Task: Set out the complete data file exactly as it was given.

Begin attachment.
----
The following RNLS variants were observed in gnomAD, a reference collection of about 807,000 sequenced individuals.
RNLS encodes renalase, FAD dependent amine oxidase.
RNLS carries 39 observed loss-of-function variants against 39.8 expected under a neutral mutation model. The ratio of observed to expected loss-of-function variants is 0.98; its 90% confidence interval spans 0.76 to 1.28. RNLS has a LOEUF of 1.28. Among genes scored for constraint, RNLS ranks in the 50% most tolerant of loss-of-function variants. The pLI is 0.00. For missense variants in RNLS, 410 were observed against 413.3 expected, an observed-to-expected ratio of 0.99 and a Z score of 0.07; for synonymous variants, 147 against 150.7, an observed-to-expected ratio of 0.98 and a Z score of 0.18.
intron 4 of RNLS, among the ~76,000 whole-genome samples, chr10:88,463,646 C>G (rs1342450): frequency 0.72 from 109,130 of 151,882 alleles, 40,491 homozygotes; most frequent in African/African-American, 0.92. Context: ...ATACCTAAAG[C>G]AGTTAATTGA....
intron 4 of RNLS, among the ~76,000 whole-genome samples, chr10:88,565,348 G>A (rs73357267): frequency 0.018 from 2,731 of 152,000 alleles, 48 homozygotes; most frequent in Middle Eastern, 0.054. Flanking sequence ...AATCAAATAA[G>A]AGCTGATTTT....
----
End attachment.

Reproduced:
The following RNLS variants were observed in gnomAD, a reference collection of about 807,000 sequenced individuals.
RNLS encodes renalase, FAD dependent amine oxidase.
RNLS carries 39 observed loss-of-function variants against 39.8 expected under a neutral mutation model. The ratio of observed to expected loss-of-function variants is 0.98; its 90% confidence interval spans 0.76 to 1.28. RNLS has a LOEUF of 1.28. Among genes scored for constraint, RNLS ranks in the 50% most tolerant of loss-of-function variants. The pLI is 0.00. For missense variants in RNLS, 410 were observed against 413.3 expected, an observed-to-expected ratio of 0.99 and a Z score of 0.07; for synonymous variants, 147 against 150.7, an observed-to-expected ratio of 0.98 and a Z score of 0.18.
intron 4 of RNLS, among the ~76,000 whole-genome samples, chr10:88,463,646 C>G (rs1342450): frequency 0.72 from 109,130 of 151,882 alleles, 40,491 homozygotes; most frequent in African/African-American, 0.92. Context: ...ATACCTAAAG[C>G]AGTTAATTGA....
intron 4 of RNLS, among the ~76,000 whole-genome samples, chr10:88,565,348 G>A (rs73357267): frequency 0.018 from 2,731 of 152,000 alleles, 48 homozygotes; most frequent in Middle Eastern, 0.054. Flanking sequence ...AATCAAATAA[G>A]AGCTGATTTT....